NightVision

WHAT MAN HATH DONE TO MAN

Massacre of Pilgrims By Tamil Tigers Remembered

15th May 1998 - Anuradhapura, Sri Lanka

Thirteen years ago to the day, on the 14th May 1985, hundreds of Sinhala civilian pilgrims made their way to the holy city of Anuradhapura to mediate and observe 'sil' under the sacred Bo tree. Tragically, the peace and tranquillity of the sacred city of Anuradhapura was shattered with the sharp gun fire of Kaleshnikovs aimed at pilgrims engaged in prayer, killing 120 pilgrims and causing severe injuries to over 80 others.

Men, women, children, and even infants, were among the victims of the Tamil Tiger terrorists who came in two busloads, armed with Kaleshnikovs. The murdering of these pilgrims at a sacred Buddhist site in Sri Lanka can be equated to Roman Catholics being massacred by crazed gunmen while engaged in Sunday Mass at the Vatican in Rome.

The sacred Sri Maha Bodhi at Anuradhapura is the oldest tree in the records of the world, as it is a sapling of the original Bo tree that Lord Buddha sat under and meditated over 2550 years ago. Anuradhapura is the one of Sri Lanka's ancient capitals, and it is famous for its unique and rich cultural heritage, a heritage now defiled with innocent blood.

The Tamil Tigers' blatant disregard for the Buddhist religion is amply demonstrated by their heinous act of gunning down pilgrims engaged in prayer. Never in their wildest dreams would these innocent pilgrims have thought that their lives would be so viciously snuffed out by indiscriminating bullets within the safe haven of a religious sanctuary! The Tigers, who are engaged in battle in Sri Lanka, are fighting for an unjustified request for a separate homeland. To attain their goal, they have resorted to the undemocratic means of slaughtering innocent people that stand in their way.

By killing Buddhist pilgrims at a venerated site, Tamil terrorists sought to introduce a new dimension to this conflict - religion. The crisis Sri Lanka is facing due to the sheer lunacy of the Tigers is not a conflict that has come about due to religious conflicts, but more, a conflict that has arisen due to ethnic differences that the Tamils have blown way out of proportion for their own political and territorial gains.

This ongoing conflict has now claimed the lives of over 75,000 people, the majority of them being innocent civilians caught up in a war they themselves did not choose. The 120 innocent pilgrims that were gunned down under the sacred Sri Maha Bodhi must never be forgotten, for it was a blatant act of sacrilege committed by deranged terrorists. It is utterly deplorable and morally unacceptable! Although it has been thirteen years since the senseless slaughter of civilians at Anuradhapura took place, it remains to this day very fresh in the minds of the Sinhala community and Buddhists everywhere.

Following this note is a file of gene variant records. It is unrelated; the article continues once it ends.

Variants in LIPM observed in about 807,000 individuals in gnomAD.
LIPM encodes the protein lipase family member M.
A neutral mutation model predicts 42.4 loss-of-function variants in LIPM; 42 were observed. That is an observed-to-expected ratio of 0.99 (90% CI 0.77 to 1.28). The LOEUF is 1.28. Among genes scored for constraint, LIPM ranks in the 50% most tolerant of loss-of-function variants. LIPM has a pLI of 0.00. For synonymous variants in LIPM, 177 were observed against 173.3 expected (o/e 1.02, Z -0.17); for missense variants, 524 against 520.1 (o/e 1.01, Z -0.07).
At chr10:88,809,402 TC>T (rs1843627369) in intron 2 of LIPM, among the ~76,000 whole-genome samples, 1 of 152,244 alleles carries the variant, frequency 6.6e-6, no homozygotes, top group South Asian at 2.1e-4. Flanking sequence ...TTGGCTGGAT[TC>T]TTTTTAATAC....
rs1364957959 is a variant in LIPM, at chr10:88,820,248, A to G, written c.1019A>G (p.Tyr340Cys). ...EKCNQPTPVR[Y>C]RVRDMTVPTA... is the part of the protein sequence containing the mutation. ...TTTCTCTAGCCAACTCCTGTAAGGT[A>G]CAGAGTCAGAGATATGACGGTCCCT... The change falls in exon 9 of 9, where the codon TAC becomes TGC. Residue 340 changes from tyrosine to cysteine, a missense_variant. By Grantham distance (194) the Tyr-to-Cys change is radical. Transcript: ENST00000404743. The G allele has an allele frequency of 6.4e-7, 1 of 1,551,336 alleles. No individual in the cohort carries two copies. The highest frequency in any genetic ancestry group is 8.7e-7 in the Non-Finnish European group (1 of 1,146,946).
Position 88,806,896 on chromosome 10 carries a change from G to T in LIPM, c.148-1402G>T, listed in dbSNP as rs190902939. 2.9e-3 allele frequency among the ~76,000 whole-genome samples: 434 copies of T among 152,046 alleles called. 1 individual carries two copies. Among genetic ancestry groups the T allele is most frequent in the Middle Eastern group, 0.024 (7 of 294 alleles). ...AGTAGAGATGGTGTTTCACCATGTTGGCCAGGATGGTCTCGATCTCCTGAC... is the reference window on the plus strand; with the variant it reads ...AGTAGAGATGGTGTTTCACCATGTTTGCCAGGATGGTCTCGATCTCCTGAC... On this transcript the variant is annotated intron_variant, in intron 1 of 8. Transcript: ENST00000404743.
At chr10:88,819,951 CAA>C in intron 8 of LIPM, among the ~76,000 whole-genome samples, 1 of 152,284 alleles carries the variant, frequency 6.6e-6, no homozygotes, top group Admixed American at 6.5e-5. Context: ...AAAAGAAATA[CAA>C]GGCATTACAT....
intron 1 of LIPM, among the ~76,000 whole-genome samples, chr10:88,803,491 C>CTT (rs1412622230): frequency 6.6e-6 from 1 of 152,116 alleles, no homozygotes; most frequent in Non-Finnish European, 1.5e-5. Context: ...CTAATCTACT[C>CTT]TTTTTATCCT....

For they shall not be forgotten. Om mani padme hum.

Copyright ©The SJM News


Above article edited for clarity of thought and expression @buddhavision

Comment: Is the Tamils' request for a separate homeland "unjustfied" when you take into consideration the history of the island? And is not Buddhism being used by the government of Sri Lanka as an opiate of the masses, as a ruling ideology, as it goes about physically and politically oppressing the Tamil people in the north?

Whether the Tamils' struggle for a separate homeland is justified or not, there really is no moral justification for slaughtering innoncent people at prayer at any holy site! It's obvious that both sides in this ongoing land dispute have forgotten that all men are brothers!

*For an article intended for a sympathetic Buddhist audience, the above diatribe is certainly full of negative karma, although it does help the Western mind to comprehend just how deep ethnic and religious conflicts run in Sri Lanka, formerly Ceylon, aka another paradise lost!

No wonder recent tsunami relief efforts will remain a tightrope walk for Western politicians and international aid agencies.



Anuradhapura

Memories of another day ...

The sacred city of Anuradhapura, the first capital of Sri Lanka and now a UNESCO world heritage site, was established around a cutting from the 'Bodhi tree', the fig tree Prince Siddhartha achieved enlightenment under near the banks of the Niranjana River in northern India five centuries before Christ. The cutting was planted there in the 3rd century B.C. by Theri Sanghamitta, the founder of an order of Buddhist nuns ...


Theri Sanghamitta arrived to Anuradhapura with 500 of her followers and the Bo sapling from the Jaya Siri Maha Bodhi in Buddhagaya to establish Bhikkhuni Sasana in what we now call Sri Lanka.

Anuradhapura flourished for 1,300 years, but was abandoned after the Chola invasion in 993. During the time of Raja Raja Cholan and Rajendra Cholan 993-1070 AD, the entire island was brought under Tamil rule.

The Chola capital was established in Polanuruvaiand, and the Sinhala people moved southwards. The islandís mountainous region and the south became the homeland of the Sinhalese. The Eastern, Northern and North-Western regions were inhabited by Tamils.

Hidden away in dense jungle for many years, the old sacred city, with its splendid palaces, monasteries and monuments, is once again accessible to local Buddhists and world travellers, though religious and political strife is just a shout away.


Anuradhapura is situated 130 miles (205km) north of the capital, Colombo. As you can see, Sri Lanka is shaped very much like a mango. The island is 270 miles long and 140 miles across at its widest point, incorporating a variety of terrain and climate zones. It is located 550 miles North of the equator off the southern tip of India. Kandy was the last stronghold of Sinhalese kings.



Paradise Lost ...


Various notes appended and edited @buddhavision 2005